Dubrovnik, Croatia

Croatia For Your European Holiday

Sustainable Europe, sustainable Croatia

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All across the world, more and more people are discovering the reasons why sustainable tourism can offer a much more authentic holiday experience. One such destination which has been gaining wide popularity among tomorrow’s tourists is the historic Croatian city of Dubrovnik. One look at this Adriatic beauty, and it’s easy to see why.

Dubrovnik’s history can be traced back to antiquity and a small settlement on a rocky islet called Laus, separated from the mainland by a sea straight. Developed probably from a Roman military outpost, it proclaimed itself an independent commune in the 10th century AD and soon became a respectable port mediating trade between the Adriatic Sea and the mainland. It was a prosperous city for some eight hundred years.

In 1667 and earthquake destroyed almost two-thirds of the city and killed some 4,000 people. It re-emerged from the ashes and prospered again until 1806 when Napoleon’s Army entered the city. After Napoleon’s downfall in 1815, Dubrovnik became part of the Austro-Hungarian Empire. After World War I ended, it integrated into the newly formed Kingdom of Yugoslavia. The end of World War II ushered in the era of communist Yugoslavia until its breakup in a Belgrade-imposed war in the early 1990s. Dubrovnik was then finally rejoined with its motherland Croatia after several centuries of territorial separation.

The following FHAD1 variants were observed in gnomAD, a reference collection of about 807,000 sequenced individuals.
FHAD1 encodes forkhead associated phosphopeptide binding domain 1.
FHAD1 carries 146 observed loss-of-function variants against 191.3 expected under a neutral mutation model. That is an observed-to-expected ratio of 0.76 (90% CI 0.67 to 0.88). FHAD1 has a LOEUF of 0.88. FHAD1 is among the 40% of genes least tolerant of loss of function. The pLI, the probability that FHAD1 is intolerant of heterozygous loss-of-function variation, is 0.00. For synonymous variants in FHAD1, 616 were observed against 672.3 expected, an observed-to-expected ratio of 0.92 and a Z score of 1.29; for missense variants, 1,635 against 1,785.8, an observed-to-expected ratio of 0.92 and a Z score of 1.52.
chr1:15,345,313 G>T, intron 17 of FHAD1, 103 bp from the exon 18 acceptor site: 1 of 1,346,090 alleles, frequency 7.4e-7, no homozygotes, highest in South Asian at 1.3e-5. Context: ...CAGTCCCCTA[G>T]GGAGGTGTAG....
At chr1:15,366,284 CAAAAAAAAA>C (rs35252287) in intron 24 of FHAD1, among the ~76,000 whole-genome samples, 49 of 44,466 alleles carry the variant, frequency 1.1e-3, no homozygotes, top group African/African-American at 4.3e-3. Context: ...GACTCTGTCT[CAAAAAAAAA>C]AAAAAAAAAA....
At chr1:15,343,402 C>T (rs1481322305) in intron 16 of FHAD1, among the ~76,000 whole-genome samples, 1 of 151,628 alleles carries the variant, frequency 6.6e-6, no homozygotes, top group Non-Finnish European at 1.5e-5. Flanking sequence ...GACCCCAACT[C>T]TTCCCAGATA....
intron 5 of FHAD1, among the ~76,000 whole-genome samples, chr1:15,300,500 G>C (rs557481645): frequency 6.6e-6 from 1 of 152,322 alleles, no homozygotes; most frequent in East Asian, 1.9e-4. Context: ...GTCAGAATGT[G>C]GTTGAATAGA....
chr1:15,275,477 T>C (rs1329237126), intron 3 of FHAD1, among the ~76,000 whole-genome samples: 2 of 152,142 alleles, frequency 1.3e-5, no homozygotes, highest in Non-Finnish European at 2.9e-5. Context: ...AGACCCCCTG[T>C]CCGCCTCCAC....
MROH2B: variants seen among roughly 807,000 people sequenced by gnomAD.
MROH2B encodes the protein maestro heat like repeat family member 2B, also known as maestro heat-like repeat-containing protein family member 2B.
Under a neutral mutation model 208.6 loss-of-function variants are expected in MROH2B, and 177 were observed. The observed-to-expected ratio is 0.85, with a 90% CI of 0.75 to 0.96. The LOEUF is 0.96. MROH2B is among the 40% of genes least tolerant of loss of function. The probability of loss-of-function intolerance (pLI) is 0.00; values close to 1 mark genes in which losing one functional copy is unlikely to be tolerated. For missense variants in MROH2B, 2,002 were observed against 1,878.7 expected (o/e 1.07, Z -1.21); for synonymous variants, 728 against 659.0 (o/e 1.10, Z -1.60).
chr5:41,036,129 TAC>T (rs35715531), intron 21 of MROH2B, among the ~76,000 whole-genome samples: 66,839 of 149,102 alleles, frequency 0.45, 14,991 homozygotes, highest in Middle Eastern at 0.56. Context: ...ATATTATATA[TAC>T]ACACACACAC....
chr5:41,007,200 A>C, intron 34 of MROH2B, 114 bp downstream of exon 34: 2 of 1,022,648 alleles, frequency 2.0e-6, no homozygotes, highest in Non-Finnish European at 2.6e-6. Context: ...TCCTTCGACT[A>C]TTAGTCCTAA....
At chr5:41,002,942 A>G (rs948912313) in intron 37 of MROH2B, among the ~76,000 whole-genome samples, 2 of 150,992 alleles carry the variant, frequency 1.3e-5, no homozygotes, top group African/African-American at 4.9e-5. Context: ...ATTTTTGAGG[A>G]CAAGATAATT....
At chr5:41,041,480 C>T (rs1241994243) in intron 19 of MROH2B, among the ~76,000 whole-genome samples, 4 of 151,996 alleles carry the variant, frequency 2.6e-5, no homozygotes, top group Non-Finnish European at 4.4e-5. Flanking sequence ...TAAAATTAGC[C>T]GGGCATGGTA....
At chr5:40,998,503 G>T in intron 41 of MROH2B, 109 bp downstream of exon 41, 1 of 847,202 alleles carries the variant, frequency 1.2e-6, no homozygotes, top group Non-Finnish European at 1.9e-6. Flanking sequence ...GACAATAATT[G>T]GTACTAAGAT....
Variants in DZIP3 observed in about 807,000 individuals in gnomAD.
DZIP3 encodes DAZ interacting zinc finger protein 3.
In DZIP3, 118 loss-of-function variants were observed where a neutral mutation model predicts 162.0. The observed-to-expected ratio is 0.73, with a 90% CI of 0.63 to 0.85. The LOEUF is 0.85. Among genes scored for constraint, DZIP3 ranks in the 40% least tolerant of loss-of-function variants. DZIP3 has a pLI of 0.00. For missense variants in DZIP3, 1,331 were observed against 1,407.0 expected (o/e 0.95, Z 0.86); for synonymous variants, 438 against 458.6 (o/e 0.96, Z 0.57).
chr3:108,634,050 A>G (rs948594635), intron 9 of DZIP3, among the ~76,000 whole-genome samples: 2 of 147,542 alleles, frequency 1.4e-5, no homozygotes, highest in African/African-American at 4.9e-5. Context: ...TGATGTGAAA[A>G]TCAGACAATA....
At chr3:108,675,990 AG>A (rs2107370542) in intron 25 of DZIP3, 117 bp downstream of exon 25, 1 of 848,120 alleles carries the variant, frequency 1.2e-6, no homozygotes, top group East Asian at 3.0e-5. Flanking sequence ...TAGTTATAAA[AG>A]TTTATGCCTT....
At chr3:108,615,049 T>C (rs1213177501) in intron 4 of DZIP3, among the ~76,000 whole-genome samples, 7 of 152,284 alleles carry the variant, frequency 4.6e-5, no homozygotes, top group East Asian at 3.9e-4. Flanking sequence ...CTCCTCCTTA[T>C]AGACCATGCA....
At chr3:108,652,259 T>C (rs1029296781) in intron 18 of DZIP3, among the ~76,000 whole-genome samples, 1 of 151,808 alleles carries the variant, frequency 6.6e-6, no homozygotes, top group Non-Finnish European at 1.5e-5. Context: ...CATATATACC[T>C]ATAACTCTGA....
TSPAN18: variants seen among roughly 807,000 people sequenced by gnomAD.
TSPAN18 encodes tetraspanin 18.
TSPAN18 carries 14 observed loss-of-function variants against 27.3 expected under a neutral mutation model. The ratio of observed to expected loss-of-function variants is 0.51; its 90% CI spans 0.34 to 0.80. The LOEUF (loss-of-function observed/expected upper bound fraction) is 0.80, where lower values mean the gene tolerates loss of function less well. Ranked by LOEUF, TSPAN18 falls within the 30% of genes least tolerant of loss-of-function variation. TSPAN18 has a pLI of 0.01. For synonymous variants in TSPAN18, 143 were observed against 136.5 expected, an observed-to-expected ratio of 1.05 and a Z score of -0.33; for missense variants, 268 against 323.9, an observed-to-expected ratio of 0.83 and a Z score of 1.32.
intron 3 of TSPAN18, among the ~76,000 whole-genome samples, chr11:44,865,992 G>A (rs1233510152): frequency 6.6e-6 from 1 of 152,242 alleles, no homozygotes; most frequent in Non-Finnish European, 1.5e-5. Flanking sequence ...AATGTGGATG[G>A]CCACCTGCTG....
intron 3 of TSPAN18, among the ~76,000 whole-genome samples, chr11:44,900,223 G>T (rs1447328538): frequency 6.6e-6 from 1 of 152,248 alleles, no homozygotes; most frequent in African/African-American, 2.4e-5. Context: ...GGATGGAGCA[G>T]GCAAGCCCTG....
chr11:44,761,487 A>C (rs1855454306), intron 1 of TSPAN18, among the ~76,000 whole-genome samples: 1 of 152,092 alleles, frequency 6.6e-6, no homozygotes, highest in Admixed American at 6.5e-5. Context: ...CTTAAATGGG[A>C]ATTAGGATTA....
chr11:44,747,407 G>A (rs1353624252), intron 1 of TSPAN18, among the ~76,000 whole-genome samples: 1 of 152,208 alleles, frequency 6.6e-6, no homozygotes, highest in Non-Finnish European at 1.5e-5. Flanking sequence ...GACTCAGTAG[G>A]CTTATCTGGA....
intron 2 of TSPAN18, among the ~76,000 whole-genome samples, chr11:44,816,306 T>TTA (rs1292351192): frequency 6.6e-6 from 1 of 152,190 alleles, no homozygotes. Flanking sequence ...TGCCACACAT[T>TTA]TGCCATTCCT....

Dubrovnik visitors numbers continue to be on the rise. By the year 2013, the number of visitors disembarking from cruise ships exceeded 1,000,000 for the first time. With only three hours between arriving and departing, cruise ship visitors have little time to enjoy all that Dubrovnik has to offer. This leaves many locals feeling like all this is doing is adding to the congestion and contribute very little to the local economy.

Croatian authorities are looking for different means to make tourism in Dubrovnik more sustainable. They are eager to promote and offer more environmentally friendly options to visitors who are acutely aware of the need to protect the local environment and indeed the world we live in.

Agritourism has become a sustainable method of satisfying the needs of those visitors who are looking for alternative forms of tourism. Agritourism allows visitors to experience rural farm activities first hand. It allows them to involve themselves in the daily lives of local people; enjoy homemade local foods and traditions without having an adverse and damaging impact on the environment.

The Dubrovnik Tourist Board wants the city to become more than just a summer destination, and the slogan: “A City for All Seasons” provides a good indication of the direction that Dubrovnik wants to go and aptly demonstrates the city’s primary focus on prolonging the tourist season, while the new “Respect the City” project of the Mayor of Dubrovnik will undoubtedly further contribute to sustainable tourism development. Limiting the number of passengers from cruise ships to 4,000 visitors in the morning and 4,000 in the afternoon is aimed to protect and preserve the city’s cultural and historical heritage to allow all tourists to experience Dubrovnik properly, all year round.

Visitors can still enjoy Dubrovnik without feeling guilty about spoiling the environment. If they are just looking to explore the culture of the city, they could visit earlier or later in the year, when the weather is still very clement, but when there will be far fewer visitors and subsequently a lower environmental impact. It really doesn’t get much better than Dubrovnik. It has so much to offer and it would be a tragedy if uncontrolled and irresponsible tourism destroyed it.

Take a tour with Tour the Game of Thrones and see what Dubrovnik has to offer today!

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Fantastic and interesting

Tom was fantastic, and the tour was really interesting - you learn a lot about Dubrovnik's history as well, which we found to be the most interesting part. Lots of great photo opportunities as well!
Katelyn McIvor,
Canada

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